10 Steps for a Smooth Employee Performance Management System Implementation

From assessing the needs of your company to gathering data and feedback on progress: how to implement an employee performance management system

To make the most of your employee performance management solutions, you need to make sure they are correctly implemented. Failure to do so can significantly reduce the impact of your processes.

As a report from Deloitte observes:

“The gap between the potential for performance management to build organizational capability and its perceived effectiveness in doing so is enormous. Given that we spend billions of dollars on software, process design, and training, it’s a gap well worth closing. Brandon Hall Group’s research shows a significant difference in impact on customer retention, revenue, and employee engagement between organizations implementing performance management well and all others.”

Let’s take a look at the 10 key steps you need to consider in order to smoothly implement an employee performance management system.

1. Assess your current performance management system

Before implementing a new employee performance management system, you should conduct a thorough assessment of the current systems you have in place. By understanding the pros and cons of your existing performance management practices, you’ll have a much clearer idea of what you require moving forwards.

Consider what tools you currently use for adding and tracking individual and team goals, and whether or not they offer the flexibility and transparency you need. If you aren’t already adding and tracking goals and measuring them as key performance indicators (KPIs) or objectives and key results (OKRs), chances are your performance management system isn’t fit for purpose.

You should also consider how effectively your existing HR administration tools are complementing your approach to performance management. While it’s unlikely your company is still trapped in the world of paper-based HR administration, it may still fall short in terms of processes and integration.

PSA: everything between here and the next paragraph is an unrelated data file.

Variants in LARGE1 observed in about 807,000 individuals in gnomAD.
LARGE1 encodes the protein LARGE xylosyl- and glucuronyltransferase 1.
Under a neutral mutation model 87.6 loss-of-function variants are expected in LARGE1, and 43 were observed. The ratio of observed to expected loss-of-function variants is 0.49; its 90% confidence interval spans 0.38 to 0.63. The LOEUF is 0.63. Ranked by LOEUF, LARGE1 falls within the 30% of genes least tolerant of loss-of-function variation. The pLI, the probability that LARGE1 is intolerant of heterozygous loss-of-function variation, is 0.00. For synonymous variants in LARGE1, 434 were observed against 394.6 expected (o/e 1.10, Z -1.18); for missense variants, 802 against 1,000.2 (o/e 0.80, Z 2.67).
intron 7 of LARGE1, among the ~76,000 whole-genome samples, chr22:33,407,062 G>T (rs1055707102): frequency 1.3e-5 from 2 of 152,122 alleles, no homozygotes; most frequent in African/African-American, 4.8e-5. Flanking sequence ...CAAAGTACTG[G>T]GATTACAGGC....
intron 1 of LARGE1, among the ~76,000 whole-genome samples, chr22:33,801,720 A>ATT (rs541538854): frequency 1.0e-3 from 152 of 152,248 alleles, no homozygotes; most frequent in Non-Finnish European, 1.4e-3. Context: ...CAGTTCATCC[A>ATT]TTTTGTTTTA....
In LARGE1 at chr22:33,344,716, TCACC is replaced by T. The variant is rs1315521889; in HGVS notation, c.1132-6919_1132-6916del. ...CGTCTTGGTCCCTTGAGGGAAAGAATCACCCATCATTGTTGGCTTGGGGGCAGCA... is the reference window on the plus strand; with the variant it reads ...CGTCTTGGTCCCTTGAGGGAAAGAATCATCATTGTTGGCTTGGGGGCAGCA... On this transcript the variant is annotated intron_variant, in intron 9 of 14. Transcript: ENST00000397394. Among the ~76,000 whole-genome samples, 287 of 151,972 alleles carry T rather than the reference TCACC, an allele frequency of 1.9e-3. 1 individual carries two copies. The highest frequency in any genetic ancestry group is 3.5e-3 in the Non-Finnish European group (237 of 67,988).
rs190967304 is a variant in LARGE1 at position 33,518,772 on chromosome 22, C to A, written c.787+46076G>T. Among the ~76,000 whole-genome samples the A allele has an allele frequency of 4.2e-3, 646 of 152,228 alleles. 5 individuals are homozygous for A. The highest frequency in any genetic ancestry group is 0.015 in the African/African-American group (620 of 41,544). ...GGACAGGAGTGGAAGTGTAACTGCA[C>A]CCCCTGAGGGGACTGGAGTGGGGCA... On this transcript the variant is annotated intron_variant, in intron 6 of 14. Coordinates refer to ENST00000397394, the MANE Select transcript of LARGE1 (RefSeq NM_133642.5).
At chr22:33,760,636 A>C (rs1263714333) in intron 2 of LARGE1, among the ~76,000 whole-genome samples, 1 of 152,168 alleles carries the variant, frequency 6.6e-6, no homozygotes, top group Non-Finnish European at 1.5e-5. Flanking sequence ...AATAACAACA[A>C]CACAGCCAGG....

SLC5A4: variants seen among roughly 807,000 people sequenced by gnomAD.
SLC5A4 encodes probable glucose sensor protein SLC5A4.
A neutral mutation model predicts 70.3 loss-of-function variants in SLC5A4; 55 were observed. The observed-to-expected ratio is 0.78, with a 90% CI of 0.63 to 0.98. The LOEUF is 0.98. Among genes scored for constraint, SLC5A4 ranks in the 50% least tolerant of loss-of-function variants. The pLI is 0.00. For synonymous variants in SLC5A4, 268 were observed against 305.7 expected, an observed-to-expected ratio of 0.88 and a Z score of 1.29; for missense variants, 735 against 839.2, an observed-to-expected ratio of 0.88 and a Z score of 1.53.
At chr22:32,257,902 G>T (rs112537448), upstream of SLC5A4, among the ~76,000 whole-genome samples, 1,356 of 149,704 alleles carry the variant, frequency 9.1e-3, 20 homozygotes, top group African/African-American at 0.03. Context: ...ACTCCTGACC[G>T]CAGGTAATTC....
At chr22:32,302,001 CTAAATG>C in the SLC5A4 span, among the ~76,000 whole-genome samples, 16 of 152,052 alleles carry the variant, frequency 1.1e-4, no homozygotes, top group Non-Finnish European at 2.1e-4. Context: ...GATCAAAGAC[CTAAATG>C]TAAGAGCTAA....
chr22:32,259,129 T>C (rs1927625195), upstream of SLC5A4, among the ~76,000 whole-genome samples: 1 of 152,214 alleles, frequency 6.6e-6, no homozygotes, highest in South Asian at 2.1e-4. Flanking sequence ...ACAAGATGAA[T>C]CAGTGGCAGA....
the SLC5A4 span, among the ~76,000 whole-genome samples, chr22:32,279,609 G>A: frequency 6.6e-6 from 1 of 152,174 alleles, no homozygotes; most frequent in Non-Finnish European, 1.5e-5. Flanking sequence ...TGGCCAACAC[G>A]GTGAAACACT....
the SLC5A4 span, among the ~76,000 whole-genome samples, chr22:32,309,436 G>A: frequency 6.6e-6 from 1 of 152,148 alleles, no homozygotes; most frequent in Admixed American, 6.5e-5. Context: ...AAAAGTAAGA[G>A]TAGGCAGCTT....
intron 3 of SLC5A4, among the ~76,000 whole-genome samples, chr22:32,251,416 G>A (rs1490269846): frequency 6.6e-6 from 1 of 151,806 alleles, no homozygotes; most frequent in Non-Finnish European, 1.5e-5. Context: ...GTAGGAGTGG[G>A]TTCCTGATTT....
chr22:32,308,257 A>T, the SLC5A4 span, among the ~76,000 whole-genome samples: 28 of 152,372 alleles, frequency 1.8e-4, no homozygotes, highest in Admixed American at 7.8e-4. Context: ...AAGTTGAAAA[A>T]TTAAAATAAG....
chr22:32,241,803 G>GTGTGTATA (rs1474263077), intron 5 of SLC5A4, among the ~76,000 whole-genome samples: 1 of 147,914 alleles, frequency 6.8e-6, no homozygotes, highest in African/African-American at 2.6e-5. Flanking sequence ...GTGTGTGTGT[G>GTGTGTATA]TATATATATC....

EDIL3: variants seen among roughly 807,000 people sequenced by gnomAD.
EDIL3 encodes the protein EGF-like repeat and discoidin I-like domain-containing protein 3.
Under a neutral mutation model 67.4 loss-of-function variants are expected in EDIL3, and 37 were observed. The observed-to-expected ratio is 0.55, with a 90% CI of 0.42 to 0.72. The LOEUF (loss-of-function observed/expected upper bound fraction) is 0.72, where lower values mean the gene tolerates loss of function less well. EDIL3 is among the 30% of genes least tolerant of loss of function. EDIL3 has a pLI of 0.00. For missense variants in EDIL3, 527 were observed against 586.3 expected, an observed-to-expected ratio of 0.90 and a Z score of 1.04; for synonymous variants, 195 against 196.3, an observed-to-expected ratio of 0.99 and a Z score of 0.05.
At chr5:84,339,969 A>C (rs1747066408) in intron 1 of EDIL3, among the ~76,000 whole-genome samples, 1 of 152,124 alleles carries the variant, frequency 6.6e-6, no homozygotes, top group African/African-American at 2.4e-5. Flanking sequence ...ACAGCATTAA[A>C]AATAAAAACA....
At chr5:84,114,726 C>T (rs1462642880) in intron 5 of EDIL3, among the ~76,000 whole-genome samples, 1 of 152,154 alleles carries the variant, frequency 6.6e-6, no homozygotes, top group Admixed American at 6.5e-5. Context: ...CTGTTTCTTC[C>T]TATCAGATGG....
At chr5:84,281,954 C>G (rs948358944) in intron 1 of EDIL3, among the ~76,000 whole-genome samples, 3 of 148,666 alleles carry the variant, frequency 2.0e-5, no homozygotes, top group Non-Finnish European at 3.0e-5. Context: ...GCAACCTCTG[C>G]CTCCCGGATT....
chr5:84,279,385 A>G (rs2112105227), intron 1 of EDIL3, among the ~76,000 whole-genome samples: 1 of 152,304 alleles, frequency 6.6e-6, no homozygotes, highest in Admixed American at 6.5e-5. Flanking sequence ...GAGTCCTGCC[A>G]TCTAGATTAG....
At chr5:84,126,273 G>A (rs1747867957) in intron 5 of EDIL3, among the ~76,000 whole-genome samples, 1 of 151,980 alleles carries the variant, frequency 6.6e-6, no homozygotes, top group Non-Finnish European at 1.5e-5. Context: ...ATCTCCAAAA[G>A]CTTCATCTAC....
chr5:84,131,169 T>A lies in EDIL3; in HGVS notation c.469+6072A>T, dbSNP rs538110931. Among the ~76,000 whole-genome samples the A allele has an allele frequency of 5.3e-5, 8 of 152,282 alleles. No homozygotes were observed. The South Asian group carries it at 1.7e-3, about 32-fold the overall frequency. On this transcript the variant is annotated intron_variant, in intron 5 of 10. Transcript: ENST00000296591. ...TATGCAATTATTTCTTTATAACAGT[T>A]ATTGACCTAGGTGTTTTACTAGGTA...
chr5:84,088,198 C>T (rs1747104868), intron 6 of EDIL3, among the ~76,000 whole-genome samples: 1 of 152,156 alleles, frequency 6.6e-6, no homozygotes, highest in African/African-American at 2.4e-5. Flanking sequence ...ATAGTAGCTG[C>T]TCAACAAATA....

Finally, you should conduct an assessment of the methods of communication currently being used by employees, and how these can be improved. Have you adopted a hybrid work model? If so, your existing operations would likely benefit greatly from the implementation of multi-channel communications found in the best performance management suites.

2. Canvas feedback from managers, team leaders and employees on their performance management expectations

Once you’ve assessed your existing approaches to performance management, you should canvas feedback from your employees. The experiences of individuals in the various teams and departments within your organization will shed valuable light on how effective your processes are. This will help you to better understand the shortcomings of your current performance management strategy, and how it can be tweaked and improved with a new system.

One effective way to gather this feedback is through employee questionnaires. You can send the same questionnaire template to everyone, or tailor these depending on the roles and responsibilities of different members of staff.

Here are some examples of the kind of questions you should consider asking:

  • Do you consider the current methods of managing performance are effective? If not, explain why these methods aren’t working.
  • Are the current methods of communication between yourself and your colleagues satisfactory? What are your preferred methods of communication?
  • If you work remotely, either part time or full time, are you satisfied with the degree to which you are involved in broader discussions with colleagues?
  • Do you communicate consistently and clearly with your managers and team leaders?
  • Are you clear at all times as to which goals are your main priority?
  • Do you feel appropriately recognized and/or rewarded for good work?
  • Does the company offer the necessary support and training to help you excel in your role?

3. Define the company’s mission and cultural values

We try to have the kind of a culture that doesn’t value excuses in the sense that when you’re supposed to accomplish something, and you’re at a high level, then your job is to accomplish it, in spite of difficulty. And you’re rewarded for dealing with that.

Phil Libin, Co-Founder, former CEO of Evernote

A company’s culture should be an expression of its core values and mission statement. Successful performance management should reflect the essence of these cultural values as frequently as possible.

When implementing an employee performance management system, if you haven’t already carefully articulated your organization’s underpinning culture you should take the time to do so. Broadly speaking, culture reflects a combination of the organization’s principal stretch goal and the values which drive its success.